No need to mince words: “The Hangover Part II” is a disaster.
The Number One Movie in America: The Hangover Part II
By Sean Collier
March 20, 2020
Not in terms of box-office success. We’ll get to its surprising profitability in a moment. It’s a disaster, rather, of ill-advised filmmaking.
The first “Hangover,” something of a surprise hit in 2009, leaned on its then-fresh comic talent (notably Zach Galifianakis and Ed Helms) to create a surprising, outlandish blend of caper, broad comedy and mystery.
Its sequel simply did the first plot again — a bad idea, but not an uncommon one with comedy sequels. Where “Part II” really suffers is in tone; the movie is a nihilistic, angry stream of unpleasantness, where jokes are shoved aside in favor of crass happenstance. The scenarios faced by our unlikable heroes aren’t wacky, comedic or even awkward; they’re dispiriting.
This is a movie of bad things happening to relatively bad people, with precious little humor to break up the ugliness.
“The Hangover Part II” is also callously offensive to a laundry list of demographics — I tried to keep a list, but couldn’t keep up — in a way that can’t simply be explained away by saying, “It was a different time.” (It wasn’t that long ago. We still knew what was in poor taste.) Blame, perhaps, director and co-screenwriter Todd Phillips, who has loudly groused about how comedy can no longer push the envelope.
Todd: Sure it can! A good start, however, would be making it funny. Hanging a laugh line on Zach Galifianakis’ abrasive loser calling Neil Patrick Harris “a gay,” for instance, isn’t funny. It’s just a lazy shock line.
At the risk of devolving into a Todd-Phillips-is-bad TED Talk, the shift in tone between the first and second “Hangover” films coincides with the departure of writers Jon Lucas and Scott Moore, who wouldn’t return for a sequel. Lucas and Moore aren’t exactly Mel Brooks, but they seem to have brought a levity to the proceedings that began to vanish when the screenwriting was left primarily in the hands of — let me check my notes, here — Todd Phillips. (He had a pair of co-writers I won’t defame by mentioning.)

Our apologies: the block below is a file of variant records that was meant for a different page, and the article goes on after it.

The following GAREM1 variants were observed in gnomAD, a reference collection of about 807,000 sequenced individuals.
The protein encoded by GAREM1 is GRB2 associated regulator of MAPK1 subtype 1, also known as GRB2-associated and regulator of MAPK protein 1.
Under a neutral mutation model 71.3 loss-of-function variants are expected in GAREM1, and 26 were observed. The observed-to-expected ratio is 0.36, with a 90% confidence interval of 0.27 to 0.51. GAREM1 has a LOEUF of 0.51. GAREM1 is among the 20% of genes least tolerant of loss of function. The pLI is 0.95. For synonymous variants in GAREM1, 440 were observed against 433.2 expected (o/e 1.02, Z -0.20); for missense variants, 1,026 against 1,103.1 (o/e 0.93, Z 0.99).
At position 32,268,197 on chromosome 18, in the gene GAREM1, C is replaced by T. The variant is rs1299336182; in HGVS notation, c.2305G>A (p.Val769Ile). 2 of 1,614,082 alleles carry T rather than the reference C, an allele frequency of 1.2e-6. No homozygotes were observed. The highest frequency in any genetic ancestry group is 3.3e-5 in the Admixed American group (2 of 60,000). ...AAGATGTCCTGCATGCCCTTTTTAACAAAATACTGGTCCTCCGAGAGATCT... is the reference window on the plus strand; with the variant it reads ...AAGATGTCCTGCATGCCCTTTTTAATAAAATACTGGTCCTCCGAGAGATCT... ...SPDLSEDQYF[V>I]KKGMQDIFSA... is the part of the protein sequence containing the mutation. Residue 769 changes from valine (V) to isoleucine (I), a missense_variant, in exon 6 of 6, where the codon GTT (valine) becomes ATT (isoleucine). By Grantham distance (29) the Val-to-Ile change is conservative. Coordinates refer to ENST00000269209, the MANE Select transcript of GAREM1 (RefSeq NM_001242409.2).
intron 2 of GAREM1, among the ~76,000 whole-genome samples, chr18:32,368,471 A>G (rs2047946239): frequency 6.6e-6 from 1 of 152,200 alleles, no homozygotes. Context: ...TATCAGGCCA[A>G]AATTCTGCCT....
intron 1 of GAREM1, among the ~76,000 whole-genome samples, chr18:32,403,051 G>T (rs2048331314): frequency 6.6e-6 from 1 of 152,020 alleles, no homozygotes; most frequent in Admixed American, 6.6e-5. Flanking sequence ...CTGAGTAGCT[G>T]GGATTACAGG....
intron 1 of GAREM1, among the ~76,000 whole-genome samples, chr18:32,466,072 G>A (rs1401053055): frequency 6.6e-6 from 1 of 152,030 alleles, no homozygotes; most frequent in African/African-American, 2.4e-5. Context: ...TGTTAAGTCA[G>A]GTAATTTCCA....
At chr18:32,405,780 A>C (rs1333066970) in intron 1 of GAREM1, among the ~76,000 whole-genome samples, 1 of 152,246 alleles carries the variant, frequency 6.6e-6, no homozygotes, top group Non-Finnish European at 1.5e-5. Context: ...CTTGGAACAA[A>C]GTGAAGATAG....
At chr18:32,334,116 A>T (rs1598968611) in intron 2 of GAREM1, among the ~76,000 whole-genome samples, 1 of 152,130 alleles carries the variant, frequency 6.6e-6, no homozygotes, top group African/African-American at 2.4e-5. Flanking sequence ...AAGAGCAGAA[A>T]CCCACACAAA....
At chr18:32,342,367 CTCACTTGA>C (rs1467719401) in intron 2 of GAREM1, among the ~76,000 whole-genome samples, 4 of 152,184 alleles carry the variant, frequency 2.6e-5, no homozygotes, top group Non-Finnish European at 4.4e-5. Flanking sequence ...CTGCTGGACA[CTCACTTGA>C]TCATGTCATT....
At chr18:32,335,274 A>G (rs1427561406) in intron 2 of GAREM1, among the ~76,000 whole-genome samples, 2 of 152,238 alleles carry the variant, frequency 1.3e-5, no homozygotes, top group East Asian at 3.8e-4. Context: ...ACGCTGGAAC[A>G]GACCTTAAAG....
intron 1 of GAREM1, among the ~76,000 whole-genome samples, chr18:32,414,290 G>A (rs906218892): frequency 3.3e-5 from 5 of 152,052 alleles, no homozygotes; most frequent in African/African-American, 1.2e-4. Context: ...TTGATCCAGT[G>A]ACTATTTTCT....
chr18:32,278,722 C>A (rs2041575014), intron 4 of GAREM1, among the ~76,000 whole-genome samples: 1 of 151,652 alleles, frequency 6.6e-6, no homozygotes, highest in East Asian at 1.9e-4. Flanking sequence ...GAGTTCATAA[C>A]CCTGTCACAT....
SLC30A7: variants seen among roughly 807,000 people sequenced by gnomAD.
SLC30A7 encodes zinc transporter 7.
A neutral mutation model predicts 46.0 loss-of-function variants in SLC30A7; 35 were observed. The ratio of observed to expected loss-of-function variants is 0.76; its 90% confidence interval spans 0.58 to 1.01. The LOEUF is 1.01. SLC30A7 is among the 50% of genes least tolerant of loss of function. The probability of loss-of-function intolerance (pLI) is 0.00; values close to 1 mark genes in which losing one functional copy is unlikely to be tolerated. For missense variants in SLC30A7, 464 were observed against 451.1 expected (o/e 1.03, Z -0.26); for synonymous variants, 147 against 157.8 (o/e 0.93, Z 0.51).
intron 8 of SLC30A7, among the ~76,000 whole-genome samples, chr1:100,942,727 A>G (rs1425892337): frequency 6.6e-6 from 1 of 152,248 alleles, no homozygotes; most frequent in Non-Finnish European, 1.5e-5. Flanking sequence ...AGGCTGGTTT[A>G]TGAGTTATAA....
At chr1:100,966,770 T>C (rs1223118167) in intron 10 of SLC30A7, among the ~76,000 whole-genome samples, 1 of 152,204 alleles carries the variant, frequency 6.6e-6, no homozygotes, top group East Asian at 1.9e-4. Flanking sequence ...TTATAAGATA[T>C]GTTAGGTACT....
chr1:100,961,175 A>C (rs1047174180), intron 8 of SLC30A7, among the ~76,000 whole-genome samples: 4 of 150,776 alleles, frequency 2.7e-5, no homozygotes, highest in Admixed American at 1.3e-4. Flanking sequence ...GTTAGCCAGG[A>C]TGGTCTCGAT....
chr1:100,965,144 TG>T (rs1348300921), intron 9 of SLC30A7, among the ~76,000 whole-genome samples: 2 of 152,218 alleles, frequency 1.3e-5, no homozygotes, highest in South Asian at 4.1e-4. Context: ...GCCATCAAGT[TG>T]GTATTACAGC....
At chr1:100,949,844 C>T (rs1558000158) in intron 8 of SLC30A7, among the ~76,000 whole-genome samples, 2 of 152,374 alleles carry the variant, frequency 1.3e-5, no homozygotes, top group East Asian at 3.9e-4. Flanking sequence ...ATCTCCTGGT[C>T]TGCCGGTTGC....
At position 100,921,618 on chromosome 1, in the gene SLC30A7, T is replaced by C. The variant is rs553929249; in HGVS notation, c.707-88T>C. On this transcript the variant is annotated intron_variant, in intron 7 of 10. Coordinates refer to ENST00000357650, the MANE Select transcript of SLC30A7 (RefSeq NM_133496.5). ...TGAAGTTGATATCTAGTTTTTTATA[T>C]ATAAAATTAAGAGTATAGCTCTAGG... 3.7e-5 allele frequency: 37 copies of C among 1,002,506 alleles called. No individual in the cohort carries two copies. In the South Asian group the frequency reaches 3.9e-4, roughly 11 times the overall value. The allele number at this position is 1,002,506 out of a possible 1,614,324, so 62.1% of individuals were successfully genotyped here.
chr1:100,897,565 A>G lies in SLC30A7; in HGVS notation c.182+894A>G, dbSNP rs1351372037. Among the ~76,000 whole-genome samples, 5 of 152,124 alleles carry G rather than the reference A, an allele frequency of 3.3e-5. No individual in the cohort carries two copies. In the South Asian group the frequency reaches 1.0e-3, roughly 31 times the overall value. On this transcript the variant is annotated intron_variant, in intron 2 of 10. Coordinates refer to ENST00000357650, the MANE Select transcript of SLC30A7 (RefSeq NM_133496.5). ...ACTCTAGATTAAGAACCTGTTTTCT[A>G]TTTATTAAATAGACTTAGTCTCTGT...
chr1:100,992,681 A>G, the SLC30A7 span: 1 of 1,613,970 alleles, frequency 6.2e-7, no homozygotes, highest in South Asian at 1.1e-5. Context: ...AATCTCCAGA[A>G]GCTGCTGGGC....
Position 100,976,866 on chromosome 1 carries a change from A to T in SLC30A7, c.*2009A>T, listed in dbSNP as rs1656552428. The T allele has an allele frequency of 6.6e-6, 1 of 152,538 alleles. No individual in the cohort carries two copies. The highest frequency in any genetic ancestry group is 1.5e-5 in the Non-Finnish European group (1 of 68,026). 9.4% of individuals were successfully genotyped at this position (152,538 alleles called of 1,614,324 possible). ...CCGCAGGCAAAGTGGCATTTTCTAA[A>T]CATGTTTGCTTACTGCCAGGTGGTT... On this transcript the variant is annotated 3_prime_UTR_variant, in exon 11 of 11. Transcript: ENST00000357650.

Anyway, it was a hit. The original was a sleeper success that pulled in audiences over the course of the summer; two years later, anticipation was high for another chapter. “The Hangover Part II” was released over Memorial Day weekend of 2011, pulling in more than $103 million over the four-day frame. Its $254.4 million domestic total is the fourth-highest mark of the year; “Part II” earned more than such hits as “Fast Five,” “Mission Impossible: Ghost Protocol” and “Cars 2.”
It’s illustrative to me, however, that it still earned less than its predecessor. Even with an opening weekend that more than doubled that of “The Hangover,” the first film outgrossed its sequel by more than $20 million.
The downward trend would continue, as “The Hangover Part III” — somehow, an even worse film — failed to win a weekend and limped to a $112.2 million finish.
Phillips would go on to earn many, many Oscar nominations.
“The Hangover Part II” is the subject of thethe latest episode of The Number One Movie in America, a look back at past box-office champions. Each episode’s film is drawn at random from a list of every number-one movie since the late 1970s. Please listen and subscribe!
Next time: Wizards! Not your favorite wizards, but ... well, they’re sort of adjacent to your favorite wizards.